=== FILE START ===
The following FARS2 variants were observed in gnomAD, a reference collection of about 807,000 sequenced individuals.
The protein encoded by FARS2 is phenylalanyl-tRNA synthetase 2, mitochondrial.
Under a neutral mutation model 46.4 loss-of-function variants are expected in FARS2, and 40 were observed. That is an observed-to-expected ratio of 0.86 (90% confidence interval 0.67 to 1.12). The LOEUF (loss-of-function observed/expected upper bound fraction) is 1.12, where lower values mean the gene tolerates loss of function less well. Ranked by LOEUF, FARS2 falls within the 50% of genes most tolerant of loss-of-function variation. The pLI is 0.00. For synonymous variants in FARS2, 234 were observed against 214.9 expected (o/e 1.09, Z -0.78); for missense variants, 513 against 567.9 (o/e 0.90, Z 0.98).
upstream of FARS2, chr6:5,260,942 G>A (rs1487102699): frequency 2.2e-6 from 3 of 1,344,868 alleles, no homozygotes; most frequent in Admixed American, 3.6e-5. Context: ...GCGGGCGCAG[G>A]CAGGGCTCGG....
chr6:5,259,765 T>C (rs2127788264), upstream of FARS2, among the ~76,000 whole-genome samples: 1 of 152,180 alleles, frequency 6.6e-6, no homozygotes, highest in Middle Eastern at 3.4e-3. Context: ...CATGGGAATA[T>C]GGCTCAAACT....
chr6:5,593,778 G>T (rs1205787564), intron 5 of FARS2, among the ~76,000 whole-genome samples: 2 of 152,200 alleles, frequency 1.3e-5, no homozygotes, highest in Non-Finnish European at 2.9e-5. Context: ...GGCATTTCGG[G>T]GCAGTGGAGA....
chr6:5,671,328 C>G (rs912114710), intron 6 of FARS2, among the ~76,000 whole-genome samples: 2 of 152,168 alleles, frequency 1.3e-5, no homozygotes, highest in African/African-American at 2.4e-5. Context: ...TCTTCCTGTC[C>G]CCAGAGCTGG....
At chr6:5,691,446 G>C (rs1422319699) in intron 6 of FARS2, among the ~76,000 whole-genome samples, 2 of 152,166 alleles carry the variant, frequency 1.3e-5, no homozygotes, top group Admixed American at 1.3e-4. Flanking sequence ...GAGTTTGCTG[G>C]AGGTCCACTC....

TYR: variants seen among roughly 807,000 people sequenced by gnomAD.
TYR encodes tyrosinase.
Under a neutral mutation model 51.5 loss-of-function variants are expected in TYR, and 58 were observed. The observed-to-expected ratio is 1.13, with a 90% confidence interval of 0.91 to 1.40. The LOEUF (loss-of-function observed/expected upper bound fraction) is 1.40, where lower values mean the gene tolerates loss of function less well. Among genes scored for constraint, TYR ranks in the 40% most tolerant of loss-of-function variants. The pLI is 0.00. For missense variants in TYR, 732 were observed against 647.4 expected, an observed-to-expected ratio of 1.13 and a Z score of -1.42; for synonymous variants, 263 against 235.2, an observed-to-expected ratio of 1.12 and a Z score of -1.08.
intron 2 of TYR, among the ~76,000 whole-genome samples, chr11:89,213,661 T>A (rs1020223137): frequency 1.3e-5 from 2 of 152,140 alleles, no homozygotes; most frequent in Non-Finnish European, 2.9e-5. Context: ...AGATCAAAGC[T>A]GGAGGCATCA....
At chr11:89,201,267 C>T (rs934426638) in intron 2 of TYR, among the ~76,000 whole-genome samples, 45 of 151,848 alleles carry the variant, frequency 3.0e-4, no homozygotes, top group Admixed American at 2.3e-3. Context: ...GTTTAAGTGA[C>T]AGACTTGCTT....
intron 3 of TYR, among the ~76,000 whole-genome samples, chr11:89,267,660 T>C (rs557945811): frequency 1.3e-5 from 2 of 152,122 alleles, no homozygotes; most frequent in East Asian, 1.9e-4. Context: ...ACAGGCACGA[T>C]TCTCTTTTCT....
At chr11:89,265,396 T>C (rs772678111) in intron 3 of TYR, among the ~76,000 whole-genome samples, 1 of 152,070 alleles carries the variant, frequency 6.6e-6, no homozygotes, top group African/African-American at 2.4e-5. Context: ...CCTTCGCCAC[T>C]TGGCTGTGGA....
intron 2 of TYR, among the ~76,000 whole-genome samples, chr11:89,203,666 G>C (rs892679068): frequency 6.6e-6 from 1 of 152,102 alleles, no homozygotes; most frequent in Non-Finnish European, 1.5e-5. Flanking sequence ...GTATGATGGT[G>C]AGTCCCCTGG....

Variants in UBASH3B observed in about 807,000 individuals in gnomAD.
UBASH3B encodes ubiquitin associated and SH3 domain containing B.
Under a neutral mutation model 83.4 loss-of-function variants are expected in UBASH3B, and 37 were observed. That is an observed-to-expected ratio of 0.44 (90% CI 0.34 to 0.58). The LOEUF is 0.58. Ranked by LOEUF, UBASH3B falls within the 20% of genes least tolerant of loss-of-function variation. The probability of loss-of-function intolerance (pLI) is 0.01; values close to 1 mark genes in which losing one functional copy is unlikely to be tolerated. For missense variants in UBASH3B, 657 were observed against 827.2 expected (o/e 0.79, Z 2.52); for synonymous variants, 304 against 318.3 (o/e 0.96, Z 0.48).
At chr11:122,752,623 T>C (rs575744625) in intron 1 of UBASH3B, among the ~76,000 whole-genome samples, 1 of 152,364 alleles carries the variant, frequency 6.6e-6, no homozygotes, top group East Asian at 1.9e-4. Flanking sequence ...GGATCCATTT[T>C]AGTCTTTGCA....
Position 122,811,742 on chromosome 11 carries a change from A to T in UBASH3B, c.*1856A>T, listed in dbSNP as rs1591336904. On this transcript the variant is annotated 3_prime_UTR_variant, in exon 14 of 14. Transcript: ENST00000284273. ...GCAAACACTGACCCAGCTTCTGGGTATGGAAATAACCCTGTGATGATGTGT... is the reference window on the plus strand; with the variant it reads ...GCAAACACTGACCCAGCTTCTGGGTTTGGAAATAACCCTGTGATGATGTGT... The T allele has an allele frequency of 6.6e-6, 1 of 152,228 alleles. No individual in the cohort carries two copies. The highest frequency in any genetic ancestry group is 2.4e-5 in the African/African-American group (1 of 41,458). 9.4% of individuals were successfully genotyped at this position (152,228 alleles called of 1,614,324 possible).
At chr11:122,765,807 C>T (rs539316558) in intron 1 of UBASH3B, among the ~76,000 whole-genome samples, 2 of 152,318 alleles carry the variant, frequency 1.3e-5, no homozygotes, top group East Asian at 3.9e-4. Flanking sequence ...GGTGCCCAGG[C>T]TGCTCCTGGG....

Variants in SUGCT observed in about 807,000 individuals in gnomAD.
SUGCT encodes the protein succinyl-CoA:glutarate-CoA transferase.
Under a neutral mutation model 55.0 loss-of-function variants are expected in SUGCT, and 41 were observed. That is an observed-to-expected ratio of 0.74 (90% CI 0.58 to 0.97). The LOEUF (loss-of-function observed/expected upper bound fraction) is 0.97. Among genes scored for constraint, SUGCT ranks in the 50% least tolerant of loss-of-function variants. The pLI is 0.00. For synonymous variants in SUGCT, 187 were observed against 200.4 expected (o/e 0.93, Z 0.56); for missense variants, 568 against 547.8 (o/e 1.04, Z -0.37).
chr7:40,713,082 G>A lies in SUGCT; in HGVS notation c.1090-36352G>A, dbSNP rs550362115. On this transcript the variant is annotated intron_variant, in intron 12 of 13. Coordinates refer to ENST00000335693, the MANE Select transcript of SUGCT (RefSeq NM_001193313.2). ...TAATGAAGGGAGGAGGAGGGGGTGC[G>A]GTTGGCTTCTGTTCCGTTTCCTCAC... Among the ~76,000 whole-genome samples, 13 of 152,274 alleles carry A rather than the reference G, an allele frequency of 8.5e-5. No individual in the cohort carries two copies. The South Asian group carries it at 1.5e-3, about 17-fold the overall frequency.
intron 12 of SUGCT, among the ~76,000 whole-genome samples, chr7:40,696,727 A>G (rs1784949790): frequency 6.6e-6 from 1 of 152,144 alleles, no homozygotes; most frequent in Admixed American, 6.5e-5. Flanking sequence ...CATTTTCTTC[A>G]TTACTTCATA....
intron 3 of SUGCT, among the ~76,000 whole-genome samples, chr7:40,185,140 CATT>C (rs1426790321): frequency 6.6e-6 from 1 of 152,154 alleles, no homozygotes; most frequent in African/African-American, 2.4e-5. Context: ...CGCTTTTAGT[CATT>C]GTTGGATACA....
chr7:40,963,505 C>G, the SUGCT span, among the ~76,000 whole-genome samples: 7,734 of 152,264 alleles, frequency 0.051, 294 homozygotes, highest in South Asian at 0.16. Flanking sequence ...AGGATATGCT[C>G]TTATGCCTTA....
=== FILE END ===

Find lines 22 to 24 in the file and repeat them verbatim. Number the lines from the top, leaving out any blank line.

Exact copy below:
At chr11:122,765,807 C>T (rs539316558) in intron 1 of UBASH3B, among the ~76,000 whole-genome samples, 2 of 152,318 alleles carry the variant, frequency 1.3e-5, no homozygotes, top group East Asian at 3.9e-4. Flanking sequence ...GGTGCCCAGG[C>T]TGCTCCTGGG....

Variants in SUGCT observed in about 807,000 individuals in gnomAD.
SUGCT encodes the protein succinyl-CoA:glutarate-CoA transferase.